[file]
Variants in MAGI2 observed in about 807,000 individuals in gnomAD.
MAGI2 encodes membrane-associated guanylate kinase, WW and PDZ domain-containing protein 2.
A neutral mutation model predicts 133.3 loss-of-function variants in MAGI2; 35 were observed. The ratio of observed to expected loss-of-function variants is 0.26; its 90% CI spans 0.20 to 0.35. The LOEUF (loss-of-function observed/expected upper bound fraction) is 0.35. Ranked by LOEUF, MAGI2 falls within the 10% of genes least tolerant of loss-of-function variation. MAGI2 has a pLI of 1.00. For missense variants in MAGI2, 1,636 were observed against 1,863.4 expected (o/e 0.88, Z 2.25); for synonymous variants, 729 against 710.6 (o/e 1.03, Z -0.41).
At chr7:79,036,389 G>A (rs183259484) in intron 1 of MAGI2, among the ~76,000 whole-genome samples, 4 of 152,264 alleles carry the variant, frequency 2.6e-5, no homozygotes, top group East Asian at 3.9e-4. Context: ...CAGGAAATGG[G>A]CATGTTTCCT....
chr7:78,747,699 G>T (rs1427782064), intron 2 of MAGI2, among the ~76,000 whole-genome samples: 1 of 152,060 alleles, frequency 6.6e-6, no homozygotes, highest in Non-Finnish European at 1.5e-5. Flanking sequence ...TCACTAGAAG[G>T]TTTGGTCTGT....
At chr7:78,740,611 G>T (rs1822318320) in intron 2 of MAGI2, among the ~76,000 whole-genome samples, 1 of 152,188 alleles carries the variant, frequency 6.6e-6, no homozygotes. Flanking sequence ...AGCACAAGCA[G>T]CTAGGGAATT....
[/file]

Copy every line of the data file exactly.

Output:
Variants in MAGI2 observed in about 807,000 individuals in gnomAD.
MAGI2 encodes membrane-associated guanylate kinase, WW and PDZ domain-containing protein 2.
A neutral mutation model predicts 133.3 loss-of-function variants in MAGI2; 35 were observed. The ratio of observed to expected loss-of-function variants is 0.26; its 90% CI spans 0.20 to 0.35. The LOEUF (loss-of-function observed/expected upper bound fraction) is 0.35. Ranked by LOEUF, MAGI2 falls within the 10% of genes least tolerant of loss-of-function variation. MAGI2 has a pLI of 1.00. For missense variants in MAGI2, 1,636 were observed against 1,863.4 expected (o/e 0.88, Z 2.25); for synonymous variants, 729 against 710.6 (o/e 1.03, Z -0.41).
At chr7:79,036,389 G>A (rs183259484) in intron 1 of MAGI2, among the ~76,000 whole-genome samples, 4 of 152,264 alleles carry the variant, frequency 2.6e-5, no homozygotes, top group East Asian at 3.9e-4. Context: ...CAGGAAATGG[G>A]CATGTTTCCT....
chr7:78,747,699 G>T (rs1427782064), intron 2 of MAGI2, among the ~76,000 whole-genome samples: 1 of 152,060 alleles, frequency 6.6e-6, no homozygotes, highest in Non-Finnish European at 1.5e-5. Flanking sequence ...TCACTAGAAG[G>T]TTTGGTCTGT....
At chr7:78,740,611 G>T (rs1822318320) in intron 2 of MAGI2, among the ~76,000 whole-genome samples, 1 of 152,188 alleles carries the variant, frequency 6.6e-6, no homozygotes. Flanking sequence ...AGCACAAGCA[G>T]CTAGGGAATT....